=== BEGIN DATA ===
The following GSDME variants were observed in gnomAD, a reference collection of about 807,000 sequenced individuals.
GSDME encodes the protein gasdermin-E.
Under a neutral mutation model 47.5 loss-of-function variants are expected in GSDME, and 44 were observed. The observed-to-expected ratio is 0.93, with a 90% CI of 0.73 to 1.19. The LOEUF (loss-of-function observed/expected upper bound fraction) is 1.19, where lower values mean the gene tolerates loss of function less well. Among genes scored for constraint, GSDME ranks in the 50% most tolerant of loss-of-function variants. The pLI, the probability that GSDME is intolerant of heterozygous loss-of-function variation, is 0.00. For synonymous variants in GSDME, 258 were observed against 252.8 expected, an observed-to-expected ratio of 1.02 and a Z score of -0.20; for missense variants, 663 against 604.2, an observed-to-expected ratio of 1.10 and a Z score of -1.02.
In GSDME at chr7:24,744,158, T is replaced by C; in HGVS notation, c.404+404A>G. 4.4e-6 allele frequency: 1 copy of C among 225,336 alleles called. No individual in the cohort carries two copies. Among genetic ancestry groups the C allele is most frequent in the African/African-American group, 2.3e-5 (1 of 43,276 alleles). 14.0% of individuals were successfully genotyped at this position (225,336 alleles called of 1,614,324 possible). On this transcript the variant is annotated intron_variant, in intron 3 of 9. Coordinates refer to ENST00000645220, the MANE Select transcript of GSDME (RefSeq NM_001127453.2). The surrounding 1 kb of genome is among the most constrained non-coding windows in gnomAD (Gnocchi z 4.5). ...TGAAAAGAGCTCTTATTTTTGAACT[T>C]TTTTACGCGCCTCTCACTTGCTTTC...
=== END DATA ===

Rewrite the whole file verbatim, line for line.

The following GSDME variants were observed in gnomAD, a reference collection of about 807,000 sequenced individuals.
GSDME encodes the protein gasdermin-E.
Under a neutral mutation model 47.5 loss-of-function variants are expected in GSDME, and 44 were observed. The observed-to-expected ratio is 0.93, with a 90% CI of 0.73 to 1.19. The LOEUF (loss-of-function observed/expected upper bound fraction) is 1.19, where lower values mean the gene tolerates loss of function less well. Among genes scored for constraint, GSDME ranks in the 50% most tolerant of loss-of-function variants. The pLI, the probability that GSDME is intolerant of heterozygous loss-of-function variation, is 0.00. For synonymous variants in GSDME, 258 were observed against 252.8 expected, an observed-to-expected ratio of 1.02 and a Z score of -0.20; for missense variants, 663 against 604.2, an observed-to-expected ratio of 1.10 and a Z score of -1.02.
In GSDME at chr7:24,744,158, T is replaced by C; in HGVS notation, c.404+404A>G. 4.4e-6 allele frequency: 1 copy of C among 225,336 alleles called. No individual in the cohort carries two copies. Among genetic ancestry groups the C allele is most frequent in the African/African-American group, 2.3e-5 (1 of 43,276 alleles). 14.0% of individuals were successfully genotyped at this position (225,336 alleles called of 1,614,324 possible). On this transcript the variant is annotated intron_variant, in intron 3 of 9. Coordinates refer to ENST00000645220, the MANE Select transcript of GSDME (RefSeq NM_001127453.2). The surrounding 1 kb of genome is among the most constrained non-coding windows in gnomAD (Gnocchi z 4.5). ...TGAAAAGAGCTCTTATTTTTGAACT[T>C]TTTTACGCGCCTCTCACTTGCTTTC...